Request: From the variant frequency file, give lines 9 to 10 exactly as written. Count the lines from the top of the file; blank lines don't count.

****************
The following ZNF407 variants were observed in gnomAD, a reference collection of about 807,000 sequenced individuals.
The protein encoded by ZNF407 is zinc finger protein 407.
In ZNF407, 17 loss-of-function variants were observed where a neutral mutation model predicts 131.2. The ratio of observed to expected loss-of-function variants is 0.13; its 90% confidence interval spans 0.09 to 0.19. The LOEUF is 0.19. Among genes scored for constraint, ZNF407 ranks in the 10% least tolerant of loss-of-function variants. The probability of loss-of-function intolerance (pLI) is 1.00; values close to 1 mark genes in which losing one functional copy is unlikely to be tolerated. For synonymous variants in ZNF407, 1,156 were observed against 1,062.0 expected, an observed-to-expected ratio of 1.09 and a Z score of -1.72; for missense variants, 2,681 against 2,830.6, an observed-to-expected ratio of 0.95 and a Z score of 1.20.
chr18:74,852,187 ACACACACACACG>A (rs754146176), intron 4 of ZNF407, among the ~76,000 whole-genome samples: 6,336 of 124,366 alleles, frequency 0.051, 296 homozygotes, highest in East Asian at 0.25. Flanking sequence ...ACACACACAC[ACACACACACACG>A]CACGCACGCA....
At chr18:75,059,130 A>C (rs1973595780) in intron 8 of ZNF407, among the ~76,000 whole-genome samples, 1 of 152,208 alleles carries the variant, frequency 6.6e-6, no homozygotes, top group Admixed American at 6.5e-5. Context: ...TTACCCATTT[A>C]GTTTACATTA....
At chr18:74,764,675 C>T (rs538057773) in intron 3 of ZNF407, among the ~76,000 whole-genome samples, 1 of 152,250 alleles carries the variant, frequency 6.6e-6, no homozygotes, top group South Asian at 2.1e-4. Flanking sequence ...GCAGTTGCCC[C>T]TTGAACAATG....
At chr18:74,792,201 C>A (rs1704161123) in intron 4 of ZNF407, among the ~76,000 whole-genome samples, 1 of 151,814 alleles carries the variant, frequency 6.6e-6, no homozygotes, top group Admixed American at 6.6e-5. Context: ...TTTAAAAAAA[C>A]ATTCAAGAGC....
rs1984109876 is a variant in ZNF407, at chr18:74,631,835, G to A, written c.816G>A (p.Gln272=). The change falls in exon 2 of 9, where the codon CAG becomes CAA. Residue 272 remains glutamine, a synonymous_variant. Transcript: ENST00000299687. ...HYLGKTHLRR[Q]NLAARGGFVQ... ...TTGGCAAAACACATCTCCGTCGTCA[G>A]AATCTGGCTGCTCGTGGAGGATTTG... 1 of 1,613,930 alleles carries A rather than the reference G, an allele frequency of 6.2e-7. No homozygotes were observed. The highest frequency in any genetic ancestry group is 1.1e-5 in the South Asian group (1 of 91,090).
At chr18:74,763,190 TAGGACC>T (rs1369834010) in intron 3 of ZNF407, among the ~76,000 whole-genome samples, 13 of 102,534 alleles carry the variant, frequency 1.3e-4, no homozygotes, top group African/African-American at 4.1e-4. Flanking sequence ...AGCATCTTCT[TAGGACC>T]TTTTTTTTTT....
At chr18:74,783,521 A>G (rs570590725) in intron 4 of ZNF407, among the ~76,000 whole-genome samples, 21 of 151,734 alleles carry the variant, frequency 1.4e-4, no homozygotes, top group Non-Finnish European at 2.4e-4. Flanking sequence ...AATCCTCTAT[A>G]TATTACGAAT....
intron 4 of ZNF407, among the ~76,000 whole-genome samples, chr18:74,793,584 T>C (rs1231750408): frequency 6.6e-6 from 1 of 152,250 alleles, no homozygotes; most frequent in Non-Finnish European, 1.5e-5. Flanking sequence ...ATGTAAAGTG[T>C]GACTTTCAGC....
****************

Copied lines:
At chr18:74,763,190 TAGGACC>T (rs1369834010) in intron 3 of ZNF407, among the ~76,000 whole-genome samples, 13 of 102,534 alleles carry the variant, frequency 1.3e-4, no homozygotes, top group African/African-American at 4.1e-4. Flanking sequence ...AGCATCTTCT[TAGGACC>T]TTTTTTTTTT....
At chr18:74,783,521 A>G (rs570590725) in intron 4 of ZNF407, among the ~76,000 whole-genome samples, 21 of 151,734 alleles carry the variant, frequency 1.4e-4, no homozygotes, top group Non-Finnish European at 2.4e-4. Flanking sequence ...AATCCTCTAT[A>G]TATTACGAAT....